Even though much of the base wood has been left, some piercing has added to the eye appeal of this carving. Note the contrast created by the light, rust colored inner wood and the skin gray. I find this one of the most appealing features of bark carving.
One more picture. When carving bark and doing a lot of piercings, the view from the back of the carving can be nearly as interesting as the front.
One more comment on this post. Did you notice the quality change in the photos? I love wood carving. Not so adept at picture taking. Learning as I go. The early photos were taken in the basement under indoor lighting. The pictures at the end were taken in the sunlight. I needed a better picture of the barrel. Of course, that means I should take all my photos in the sunlight. And that means I would need to commandeer not only the entire basement, the whole garage, but also a corner of the living room where we find the best sunlight. Hmmmm. may be plan B. Until next time. Shalom.
“The night is nearly over; the day is almost here. So let us put aside the deeds of darkness and put on the armor of light .” Romans 13:12
Seals. I have seen them in Lincoln Park Zoo. They show up in circuses and shows. There are several books I remember from my childhood where seals were the main characters.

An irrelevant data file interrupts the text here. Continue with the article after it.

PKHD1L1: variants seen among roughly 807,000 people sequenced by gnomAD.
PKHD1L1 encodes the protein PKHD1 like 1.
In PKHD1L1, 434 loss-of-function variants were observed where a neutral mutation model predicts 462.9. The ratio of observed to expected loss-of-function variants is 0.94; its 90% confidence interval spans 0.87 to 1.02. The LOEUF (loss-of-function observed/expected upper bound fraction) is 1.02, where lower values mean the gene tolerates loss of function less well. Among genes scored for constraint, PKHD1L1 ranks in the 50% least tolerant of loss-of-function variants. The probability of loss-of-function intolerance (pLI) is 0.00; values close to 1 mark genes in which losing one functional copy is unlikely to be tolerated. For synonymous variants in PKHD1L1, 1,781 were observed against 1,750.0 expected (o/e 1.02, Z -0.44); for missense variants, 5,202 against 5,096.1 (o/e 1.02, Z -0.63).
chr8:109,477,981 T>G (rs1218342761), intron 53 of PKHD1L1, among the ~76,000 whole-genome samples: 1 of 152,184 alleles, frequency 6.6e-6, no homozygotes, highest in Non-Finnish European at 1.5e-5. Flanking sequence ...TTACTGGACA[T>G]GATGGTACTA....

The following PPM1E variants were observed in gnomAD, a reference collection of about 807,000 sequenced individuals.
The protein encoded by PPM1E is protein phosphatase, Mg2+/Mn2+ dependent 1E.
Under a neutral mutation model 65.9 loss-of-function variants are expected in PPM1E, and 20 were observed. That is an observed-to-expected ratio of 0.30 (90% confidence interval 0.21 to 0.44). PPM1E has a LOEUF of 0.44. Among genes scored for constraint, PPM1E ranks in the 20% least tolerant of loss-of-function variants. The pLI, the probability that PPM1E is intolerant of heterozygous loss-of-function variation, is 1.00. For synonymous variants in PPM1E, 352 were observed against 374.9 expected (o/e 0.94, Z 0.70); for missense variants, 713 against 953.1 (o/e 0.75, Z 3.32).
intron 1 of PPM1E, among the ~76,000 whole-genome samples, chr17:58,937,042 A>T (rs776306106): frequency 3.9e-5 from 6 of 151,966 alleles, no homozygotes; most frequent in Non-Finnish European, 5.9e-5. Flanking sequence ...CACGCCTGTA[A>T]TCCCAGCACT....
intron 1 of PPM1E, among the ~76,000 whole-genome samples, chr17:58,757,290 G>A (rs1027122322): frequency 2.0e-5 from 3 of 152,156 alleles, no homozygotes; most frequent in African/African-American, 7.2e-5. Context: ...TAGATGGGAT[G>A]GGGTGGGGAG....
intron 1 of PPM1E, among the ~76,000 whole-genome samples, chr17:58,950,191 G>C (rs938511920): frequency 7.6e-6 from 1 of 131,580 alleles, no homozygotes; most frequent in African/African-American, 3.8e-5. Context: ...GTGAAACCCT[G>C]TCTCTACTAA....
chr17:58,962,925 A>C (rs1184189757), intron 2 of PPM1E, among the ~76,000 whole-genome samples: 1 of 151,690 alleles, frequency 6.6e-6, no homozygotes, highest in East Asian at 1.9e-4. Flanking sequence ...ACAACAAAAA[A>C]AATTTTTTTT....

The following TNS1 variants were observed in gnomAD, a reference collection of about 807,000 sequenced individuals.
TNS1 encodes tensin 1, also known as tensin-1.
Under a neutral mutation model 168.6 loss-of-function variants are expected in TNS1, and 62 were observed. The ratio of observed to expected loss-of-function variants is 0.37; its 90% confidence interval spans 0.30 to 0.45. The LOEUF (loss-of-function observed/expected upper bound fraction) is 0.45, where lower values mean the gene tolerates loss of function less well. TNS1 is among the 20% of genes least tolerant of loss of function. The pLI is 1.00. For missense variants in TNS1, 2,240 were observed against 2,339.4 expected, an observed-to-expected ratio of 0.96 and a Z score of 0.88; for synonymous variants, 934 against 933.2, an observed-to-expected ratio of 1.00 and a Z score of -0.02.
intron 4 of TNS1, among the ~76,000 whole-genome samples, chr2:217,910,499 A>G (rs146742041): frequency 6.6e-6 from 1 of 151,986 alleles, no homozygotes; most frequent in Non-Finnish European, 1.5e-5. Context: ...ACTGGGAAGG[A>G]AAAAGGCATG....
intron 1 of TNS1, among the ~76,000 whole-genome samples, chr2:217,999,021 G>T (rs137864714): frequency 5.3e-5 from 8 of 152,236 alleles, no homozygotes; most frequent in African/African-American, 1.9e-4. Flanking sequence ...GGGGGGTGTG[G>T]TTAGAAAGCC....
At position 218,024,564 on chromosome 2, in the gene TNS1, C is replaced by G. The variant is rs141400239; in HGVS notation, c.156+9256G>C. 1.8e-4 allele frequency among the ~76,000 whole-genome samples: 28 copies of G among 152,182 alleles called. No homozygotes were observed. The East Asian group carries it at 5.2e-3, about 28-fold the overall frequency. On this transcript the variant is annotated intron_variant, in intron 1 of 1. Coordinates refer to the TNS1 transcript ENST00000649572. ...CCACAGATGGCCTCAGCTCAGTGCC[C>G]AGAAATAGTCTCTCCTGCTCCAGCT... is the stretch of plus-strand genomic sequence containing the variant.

One of the things that attracts me to seals is their smooth, clean lines. There is
something about their glide through the water, the effortless twists and turns, that make them eye-appealing.
Of course, their sounds, barks and other interesting vocalizations helps to draw one to them.
So another idea for carving.
Carving Tip: You will notice the seal awaiting paint. The base utilizes some of the features found on the wood when the carving was planned.
The dark part of the base is a bit of the basswood bark. The carving was arranged so that this bark feature would remain.
“Then God said, “Let the land produce vegetation: seed-bearing plants and trees on the land that bear fruit with seed in it, according to their various kinds.” And it was so.” Gen 1 New International Bible.
Scandinavian flat-plane carving.
“The Scandinavian flat-plane style of woodcarving is a style of figure carving. The figures are carved in large flat planes, created primarily using a carving knife. Tool marks are left in the carving and very little (if any) rounding or sanding is done. Swedish-born American artist, Emil Janel was considered by many to be the one of the best of this genre.” (Wikipedia)